The Economist joins the regime uncertainty crowd
Has The Economist been reading my blog recently? Over the past two weeks, the newspaper that used to justify the use of more and more monetary and fiscal stimulus to push firms to invest (as the only reason why they would not invest was lack of demand) seems to have suddenly waken up to the fact that, after all, regulatory regime uncertainty could well be part of the current low business investment problem. This is welcome but a little late.
In a short Buttonwood article last week, the newspaper asserts that “arbitrary decisions by governments may reduce business confidence, and thus inhibit the investment the politicians want to see” and that:
What troubles businessfolk and investors most is the random nature of the process. They do not know where the next tax will be levied or regulatory boot descend. When rules are proposed, it can take ages for the details to emerge, making it hard for companies to plan ahead. That is the most insidious—and most underestimated—form of political risk.
The piece highlights that, in the latest World Economic Forum competitiveness survey, Singapore ranks first in terms of regulatory burden, whereas struggling EU countries are ranked close to the bottom: Spain is 125th, France 130th, Greece 144th, and Italy 146th. The US has also experienced a huge collapse over the past seven years regarding the perception of its regulatory burden: 23rd to…..80th. It’s probably not going to help the economic recovery, is it?
In this week’s edition of the newspaper, the Free Exchange column takes a look at recent research on uncertainty and investment. Results are striking:
They find that doubts about tomorrow have a big influence on what happens today. For every ten percentage points their measure of uncertainty rose, investment fell by one percentage point. During the financial crisis of 2008-09, for example, they calculate that implied volatility rose by almost 40 percentage points, suggesting a drop in investment due to uncertainty of just under four percentage points. That implies that uncertainty accounted for around half of the total drop in investment during the crisis. And it is not just spending on physical assets that declines. The authors find that other long-term outlays—hiring staff and launching advertising campaigns—also plunge when uncertainty rises.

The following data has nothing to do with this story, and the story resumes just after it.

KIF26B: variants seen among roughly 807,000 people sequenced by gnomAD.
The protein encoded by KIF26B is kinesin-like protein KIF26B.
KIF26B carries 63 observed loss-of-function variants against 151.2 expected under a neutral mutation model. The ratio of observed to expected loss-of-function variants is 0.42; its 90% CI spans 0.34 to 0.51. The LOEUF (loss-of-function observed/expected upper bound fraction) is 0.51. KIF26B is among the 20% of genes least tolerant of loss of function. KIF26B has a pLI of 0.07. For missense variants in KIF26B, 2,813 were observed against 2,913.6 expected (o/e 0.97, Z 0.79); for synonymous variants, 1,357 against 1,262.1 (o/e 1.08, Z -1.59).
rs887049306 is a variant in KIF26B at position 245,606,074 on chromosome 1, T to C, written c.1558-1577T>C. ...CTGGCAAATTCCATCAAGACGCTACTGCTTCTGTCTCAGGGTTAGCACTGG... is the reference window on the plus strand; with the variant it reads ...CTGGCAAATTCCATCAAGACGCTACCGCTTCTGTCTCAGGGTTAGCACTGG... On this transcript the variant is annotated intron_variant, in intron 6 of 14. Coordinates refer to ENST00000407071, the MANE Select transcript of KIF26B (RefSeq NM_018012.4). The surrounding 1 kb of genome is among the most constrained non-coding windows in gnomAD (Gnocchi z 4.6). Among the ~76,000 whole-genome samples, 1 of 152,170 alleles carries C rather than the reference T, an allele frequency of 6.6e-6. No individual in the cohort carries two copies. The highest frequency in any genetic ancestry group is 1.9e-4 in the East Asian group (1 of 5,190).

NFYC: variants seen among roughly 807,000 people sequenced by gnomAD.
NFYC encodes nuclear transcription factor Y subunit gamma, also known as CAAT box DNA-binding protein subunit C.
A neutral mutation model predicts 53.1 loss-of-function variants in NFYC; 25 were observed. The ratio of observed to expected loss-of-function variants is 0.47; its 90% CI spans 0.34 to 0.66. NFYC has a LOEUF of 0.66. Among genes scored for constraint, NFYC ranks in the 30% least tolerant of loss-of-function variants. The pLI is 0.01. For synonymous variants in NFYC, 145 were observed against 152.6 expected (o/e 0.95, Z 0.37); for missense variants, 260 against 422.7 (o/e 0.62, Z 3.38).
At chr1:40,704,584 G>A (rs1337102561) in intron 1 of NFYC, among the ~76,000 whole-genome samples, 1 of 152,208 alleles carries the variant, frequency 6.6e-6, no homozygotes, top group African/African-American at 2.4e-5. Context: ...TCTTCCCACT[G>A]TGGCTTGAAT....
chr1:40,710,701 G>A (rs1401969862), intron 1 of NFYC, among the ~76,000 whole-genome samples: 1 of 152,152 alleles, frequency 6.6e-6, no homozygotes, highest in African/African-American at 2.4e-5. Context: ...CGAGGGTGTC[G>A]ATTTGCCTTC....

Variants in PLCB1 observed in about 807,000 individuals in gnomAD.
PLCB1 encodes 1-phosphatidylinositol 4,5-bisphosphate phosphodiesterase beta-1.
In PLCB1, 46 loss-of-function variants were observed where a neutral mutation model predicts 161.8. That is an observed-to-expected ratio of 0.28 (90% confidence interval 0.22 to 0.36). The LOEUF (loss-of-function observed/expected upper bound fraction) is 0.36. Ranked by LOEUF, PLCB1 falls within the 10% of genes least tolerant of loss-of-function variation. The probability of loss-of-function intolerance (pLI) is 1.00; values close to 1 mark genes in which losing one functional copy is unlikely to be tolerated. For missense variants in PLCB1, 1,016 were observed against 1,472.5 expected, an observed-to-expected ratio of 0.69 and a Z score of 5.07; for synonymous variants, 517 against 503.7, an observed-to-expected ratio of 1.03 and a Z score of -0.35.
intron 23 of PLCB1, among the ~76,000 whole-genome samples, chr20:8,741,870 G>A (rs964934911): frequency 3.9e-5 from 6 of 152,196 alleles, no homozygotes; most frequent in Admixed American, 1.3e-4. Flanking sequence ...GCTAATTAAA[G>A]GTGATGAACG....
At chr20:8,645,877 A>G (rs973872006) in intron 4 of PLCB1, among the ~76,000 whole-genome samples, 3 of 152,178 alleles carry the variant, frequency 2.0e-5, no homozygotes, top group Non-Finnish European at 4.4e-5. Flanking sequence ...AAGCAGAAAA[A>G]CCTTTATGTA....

Interestingly, The Economist also mentions the banking sector:
Governments, however, are still breeding fears about the future. The most glaring form of uncertainty in the rich world is fiscal. In the euro area cash-strapped peripheral states rely on bail-outs from richer members or the IMF. As each round of talks—on a banking union, or a deposit-insurance scheme—approaches, sensible bosses decide to wait and see what happens. In America endless budgetary brinkmanship has led to a quarterly debate over whether the government will default on its debts (the next deadline is in February). This is self-imposed uncertainty. If the fiscal path were a little clearer, the reduction in uncertainty should spur investment and output, which in turn should improve the fiscal picture. To cut the debt, first clear the doubt.
Of course, The Economist falls short of claiming that stimulus does not work. Of course not. It declares that even more stimulus is necessary in uncertain conditions. Someday they’ll hopefully notice the fallacy in such logic…
Chart: The Economist
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